Distinctive features:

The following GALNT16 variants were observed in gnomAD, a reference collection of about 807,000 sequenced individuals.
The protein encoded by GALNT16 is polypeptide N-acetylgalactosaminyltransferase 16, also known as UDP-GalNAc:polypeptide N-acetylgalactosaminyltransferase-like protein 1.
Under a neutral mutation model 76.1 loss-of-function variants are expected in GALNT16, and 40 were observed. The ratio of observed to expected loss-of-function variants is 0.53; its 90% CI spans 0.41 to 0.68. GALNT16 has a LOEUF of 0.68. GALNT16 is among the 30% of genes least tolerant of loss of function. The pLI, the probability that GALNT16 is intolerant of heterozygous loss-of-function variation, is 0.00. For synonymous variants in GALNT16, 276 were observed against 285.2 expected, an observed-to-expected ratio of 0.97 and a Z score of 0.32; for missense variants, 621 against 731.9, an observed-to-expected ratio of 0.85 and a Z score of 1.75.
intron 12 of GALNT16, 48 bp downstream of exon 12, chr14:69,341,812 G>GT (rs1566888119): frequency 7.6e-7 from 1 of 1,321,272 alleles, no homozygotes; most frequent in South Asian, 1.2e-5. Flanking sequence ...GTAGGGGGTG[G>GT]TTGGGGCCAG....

Megaptera novaeangliae has a large robust body and long, narrow flippers that are one third the length of their body. The body is black above and black, white or mottled below. The flippers are usually white ventrally, but variable on the dorsal surface seemingly according to location. In the North Atlantic and the Southern hemisphere the dorsal surface is mostly white and in the North Pacific it is mostly black. The head and lower jaw have a variable number of randomly distributed rounded protuberances, called tubercles. The baleen plates are all or mostly black, with 270 400 per side. Megaptera novaeangliae has fewer and wider ventral pleats than other rorquals with only 14 to 25 that extend from the tip of the lower jaw to the umbilicus. The ventral pleats, or throat grooves, streamline the shape of the whale, but also allow the throat area to expand during feeding. The dorsal fin can vary dramatically, from almost absent in some individuals to high and falcate in others and it is often scarred. The dorsal fin is often located on a hump more than two thirds of they way back from the head and becomes especially noticeable when the whale arches its back during a dive. The flukes are deeply notched, concave with scalloped rear edges. They are black above with a highly variable pattern below that is individually distinctive ranging from all white to all black and everything in between. Upon diving, Megaptera novaeangliae often raises its flukes giving their back a humped appearance and lending this species its common name. It has paired blowholes on its head and the blow is often lower, rounder and bushier than the blows of other rorquals.